After dividing his lands Charles retired to a monastery at Yuste, in Spain. He took an active interest in Politics until his death in September 1558.


Charles' decision to abdicate is looked upon kindly by historians and contempories alike,

He took the highly unusual step of abdicating voluntarily, feeling that his reign had been a failure, which in itself shows his integrity. - Katherine Brice
The emperor gave a rare example to his successors . . . in so doing, he proved himself to be a true Christian prince . . . may the Lord in all His goodness now grant the emperor freedom. - St Ignatius of Loyola
It not only his decision to abdicate that receives approval. He was astonishingly un-inbred for the period, his parents coming from completely different families, and despite having the trademark Habsburg Chin (see http://192.41.13.240/artchive/t/titian/charles_v.jpg and http://tudorhistory.org/people/charles5/charlesv.jpg) he showed a degree of wit and intelligence rarely seen among rulers. This can be seen from his most famous quote,
To God I speak Spanish, to women Italian, to men French, and to my horse - German. - Charles V
which was then used by a descendant,
I speak French to my ambassadors, English to my accountant, Italian to my mistress, Latin to my God and German to my horse. - Frederick the Great of Prussia
In addition Charles believed,
A man who knows four languages is worth four men. - Charles V
This maybe due to the fact that he himself spoke more than four languages, as was necessary for numerous dominions. Despite the humerous nature of these statements there underlies the fact that it was necessary for Charles to speak so many langauges as in his lands over 7 different individual langauges were spoken, not allowing for dialects. It was the size and spread of Charles' empire that largely contributed to his difficulties, he supposedly spent one quarter of his reign travelling and said,
My life has been one long journey. - Charles V
Historians are kind to Charles as well
His personal character towered far above that of the princes of his age. - H Holborn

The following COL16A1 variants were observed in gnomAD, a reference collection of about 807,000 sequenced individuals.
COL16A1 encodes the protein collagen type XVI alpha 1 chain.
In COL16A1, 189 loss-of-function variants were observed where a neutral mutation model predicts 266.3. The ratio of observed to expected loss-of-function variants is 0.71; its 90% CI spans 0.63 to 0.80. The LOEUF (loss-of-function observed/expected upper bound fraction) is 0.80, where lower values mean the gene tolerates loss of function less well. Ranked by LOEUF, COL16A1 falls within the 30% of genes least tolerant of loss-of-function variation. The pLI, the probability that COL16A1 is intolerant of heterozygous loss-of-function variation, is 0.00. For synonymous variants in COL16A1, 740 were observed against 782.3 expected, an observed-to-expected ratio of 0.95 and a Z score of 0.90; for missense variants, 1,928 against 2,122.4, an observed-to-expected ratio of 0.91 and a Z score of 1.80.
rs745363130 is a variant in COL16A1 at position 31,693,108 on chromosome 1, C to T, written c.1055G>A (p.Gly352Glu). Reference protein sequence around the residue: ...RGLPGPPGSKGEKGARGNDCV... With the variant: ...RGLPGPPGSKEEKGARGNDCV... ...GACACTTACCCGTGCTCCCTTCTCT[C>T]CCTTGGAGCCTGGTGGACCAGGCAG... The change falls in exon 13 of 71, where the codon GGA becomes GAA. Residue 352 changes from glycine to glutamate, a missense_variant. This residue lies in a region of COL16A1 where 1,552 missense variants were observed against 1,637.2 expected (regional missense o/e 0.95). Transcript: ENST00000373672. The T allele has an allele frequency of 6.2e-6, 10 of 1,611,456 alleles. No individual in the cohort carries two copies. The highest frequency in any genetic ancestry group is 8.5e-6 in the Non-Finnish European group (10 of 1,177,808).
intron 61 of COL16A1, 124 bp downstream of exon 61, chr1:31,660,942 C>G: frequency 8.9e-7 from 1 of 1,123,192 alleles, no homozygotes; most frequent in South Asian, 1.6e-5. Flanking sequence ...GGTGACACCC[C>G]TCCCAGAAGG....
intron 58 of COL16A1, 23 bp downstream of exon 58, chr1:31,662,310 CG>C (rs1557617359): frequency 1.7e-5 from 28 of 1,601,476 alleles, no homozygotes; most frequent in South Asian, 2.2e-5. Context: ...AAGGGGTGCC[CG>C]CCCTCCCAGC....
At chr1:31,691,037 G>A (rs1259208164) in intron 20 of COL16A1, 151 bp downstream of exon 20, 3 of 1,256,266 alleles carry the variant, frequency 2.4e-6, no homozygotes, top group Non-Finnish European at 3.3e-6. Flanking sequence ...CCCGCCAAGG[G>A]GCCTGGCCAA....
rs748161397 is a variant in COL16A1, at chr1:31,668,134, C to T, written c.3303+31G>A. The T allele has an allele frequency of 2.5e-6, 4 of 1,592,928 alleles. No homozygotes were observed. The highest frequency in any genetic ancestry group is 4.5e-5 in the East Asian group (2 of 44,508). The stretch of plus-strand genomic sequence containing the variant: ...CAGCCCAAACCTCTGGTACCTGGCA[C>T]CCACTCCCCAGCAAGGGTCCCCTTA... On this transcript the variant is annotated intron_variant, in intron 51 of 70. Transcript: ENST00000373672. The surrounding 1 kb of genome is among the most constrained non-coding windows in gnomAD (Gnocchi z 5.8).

His weaknesses do not diminish the genuineness of that gesture which was of a piece with his lifelong attitude to his work. Charles' own attitude towards his office revived respect for the religious side of the imperial dignity. - Francis Yates
Charles can content himself that history has judged him kindly, however his son, Philip II, was not so lucky. However he was inbred, his parents were first cousins.


1500 - Born in Ghent

1506 - Charles' father, Philip I, died and Charles inherited the Netherlands. His aunt, Margaret of Austria, acts as his regent until he comes of age.

1516 - Charles' maternal grandfather, Ferdinand II, dies and Charles inherits Spain and all of her territories, including the New World.

1519 - Charles' paternal grandfather, Maxmilian I, Holy Roman Emperor, dies and Charles inherits the Habsburg lands in Europe. Later that year Charles is elected Holy Roman Emperor.

1520-21 - Revolt in Spain stemming from Spanish resentment of their funding Charles' Italian Wars.

1521 - Diet of Worms and resulting Edict of Worms.

1522 - Charles' illegitimate daughter, Margaret of Parma is born.

1524-26 - Peasants war in Holy Roman Empire is a sign of increasing Protestant influence.

1526 - Charles marries Isabella of Portugal, daughter of Manuel I, King of Portuhal

1527 - Imperial army sacks Rome and imprisons Pope Clement VII. Charles' only legitimate son, Philip, is born in Spain.